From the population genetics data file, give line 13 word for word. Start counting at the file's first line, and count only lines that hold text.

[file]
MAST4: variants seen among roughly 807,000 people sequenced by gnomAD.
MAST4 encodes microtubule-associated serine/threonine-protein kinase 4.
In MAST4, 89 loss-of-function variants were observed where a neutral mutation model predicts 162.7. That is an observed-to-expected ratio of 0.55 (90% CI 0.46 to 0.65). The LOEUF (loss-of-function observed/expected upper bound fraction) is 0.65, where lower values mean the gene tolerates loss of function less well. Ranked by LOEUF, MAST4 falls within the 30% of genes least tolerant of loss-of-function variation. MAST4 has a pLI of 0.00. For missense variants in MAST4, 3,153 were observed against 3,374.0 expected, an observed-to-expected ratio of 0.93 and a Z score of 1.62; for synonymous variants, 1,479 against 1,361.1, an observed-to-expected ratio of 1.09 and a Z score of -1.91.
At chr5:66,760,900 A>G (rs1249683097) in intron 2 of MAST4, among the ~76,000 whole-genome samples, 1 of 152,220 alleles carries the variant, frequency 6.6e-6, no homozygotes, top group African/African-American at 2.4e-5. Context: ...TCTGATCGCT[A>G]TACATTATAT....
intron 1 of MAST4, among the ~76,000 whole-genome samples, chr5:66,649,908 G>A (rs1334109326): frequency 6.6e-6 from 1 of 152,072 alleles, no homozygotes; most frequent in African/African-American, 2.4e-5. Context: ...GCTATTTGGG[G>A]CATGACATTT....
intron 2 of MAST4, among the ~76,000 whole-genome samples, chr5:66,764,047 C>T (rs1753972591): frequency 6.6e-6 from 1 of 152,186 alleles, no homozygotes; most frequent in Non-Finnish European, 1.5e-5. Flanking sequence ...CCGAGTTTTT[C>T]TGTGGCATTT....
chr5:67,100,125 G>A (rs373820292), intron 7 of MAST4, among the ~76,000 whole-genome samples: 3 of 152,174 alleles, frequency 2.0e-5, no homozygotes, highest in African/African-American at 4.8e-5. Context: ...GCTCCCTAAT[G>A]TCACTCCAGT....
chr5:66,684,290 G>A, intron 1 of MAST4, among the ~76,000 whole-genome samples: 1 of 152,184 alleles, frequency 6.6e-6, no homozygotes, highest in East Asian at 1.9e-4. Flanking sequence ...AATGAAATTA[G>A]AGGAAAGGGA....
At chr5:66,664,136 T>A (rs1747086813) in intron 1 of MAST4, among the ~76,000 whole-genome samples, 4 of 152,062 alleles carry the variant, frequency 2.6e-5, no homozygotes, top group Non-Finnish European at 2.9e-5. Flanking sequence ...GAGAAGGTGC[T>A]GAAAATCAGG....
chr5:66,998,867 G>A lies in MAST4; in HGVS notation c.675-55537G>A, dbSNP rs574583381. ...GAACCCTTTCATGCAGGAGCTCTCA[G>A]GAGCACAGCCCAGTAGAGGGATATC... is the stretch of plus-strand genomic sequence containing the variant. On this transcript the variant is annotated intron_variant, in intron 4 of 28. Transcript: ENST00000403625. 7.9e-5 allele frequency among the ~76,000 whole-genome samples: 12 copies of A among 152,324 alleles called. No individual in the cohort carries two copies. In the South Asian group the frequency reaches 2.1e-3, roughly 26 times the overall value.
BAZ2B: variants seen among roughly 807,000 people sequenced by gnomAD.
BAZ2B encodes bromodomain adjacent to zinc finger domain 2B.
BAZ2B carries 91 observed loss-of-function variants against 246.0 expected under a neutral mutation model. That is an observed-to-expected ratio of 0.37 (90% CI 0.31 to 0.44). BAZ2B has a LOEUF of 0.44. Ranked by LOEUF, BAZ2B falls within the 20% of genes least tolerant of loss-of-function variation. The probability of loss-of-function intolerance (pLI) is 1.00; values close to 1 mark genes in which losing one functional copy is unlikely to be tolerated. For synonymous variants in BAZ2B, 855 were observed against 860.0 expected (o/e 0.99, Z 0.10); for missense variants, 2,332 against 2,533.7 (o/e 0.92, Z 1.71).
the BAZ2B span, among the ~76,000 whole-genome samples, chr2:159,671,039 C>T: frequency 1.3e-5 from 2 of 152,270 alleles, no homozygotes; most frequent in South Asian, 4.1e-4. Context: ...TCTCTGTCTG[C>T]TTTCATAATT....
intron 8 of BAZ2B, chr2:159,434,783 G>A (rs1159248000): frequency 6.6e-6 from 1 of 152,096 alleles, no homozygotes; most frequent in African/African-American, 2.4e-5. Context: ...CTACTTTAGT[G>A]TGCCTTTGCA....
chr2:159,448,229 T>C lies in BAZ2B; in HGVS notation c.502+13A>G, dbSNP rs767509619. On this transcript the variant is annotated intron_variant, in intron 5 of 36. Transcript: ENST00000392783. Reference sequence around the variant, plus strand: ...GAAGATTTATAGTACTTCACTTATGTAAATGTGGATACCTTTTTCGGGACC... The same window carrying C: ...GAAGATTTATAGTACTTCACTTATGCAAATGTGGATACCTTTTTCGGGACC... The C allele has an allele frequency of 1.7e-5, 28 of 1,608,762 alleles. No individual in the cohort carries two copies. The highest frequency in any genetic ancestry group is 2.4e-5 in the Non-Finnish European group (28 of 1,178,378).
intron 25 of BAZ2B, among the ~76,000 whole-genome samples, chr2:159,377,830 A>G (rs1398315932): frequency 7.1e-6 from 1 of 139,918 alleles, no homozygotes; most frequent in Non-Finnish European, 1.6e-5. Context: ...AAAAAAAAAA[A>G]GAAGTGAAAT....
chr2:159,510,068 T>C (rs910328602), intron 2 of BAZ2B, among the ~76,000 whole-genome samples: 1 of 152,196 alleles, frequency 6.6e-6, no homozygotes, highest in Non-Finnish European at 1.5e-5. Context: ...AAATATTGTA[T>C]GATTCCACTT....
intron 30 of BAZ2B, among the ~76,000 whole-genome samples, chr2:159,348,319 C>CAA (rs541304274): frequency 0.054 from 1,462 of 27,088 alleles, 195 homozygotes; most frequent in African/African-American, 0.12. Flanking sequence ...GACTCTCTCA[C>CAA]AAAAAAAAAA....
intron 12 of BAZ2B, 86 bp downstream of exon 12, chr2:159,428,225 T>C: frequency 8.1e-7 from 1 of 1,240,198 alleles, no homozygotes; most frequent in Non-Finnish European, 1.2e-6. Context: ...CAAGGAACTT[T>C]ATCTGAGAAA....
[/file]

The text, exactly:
BAZ2B carries 91 observed loss-of-function variants against 246.0 expected under a neutral mutation model. That is an observed-to-expected ratio of 0.37 (90% CI 0.31 to 0.44). BAZ2B has a LOEUF of 0.44. Ranked by LOEUF, BAZ2B falls within the 20% of genes least tolerant of loss-of-function variation. The probability of loss-of-function intolerance (pLI) is 1.00; values close to 1 mark genes in which losing one functional copy is unlikely to be tolerated. For synonymous variants in BAZ2B, 855 were observed against 860.0 expected (o/e 0.99, Z 0.10); for missense variants, 2,332 against 2,533.7 (o/e 0.92, Z 1.71).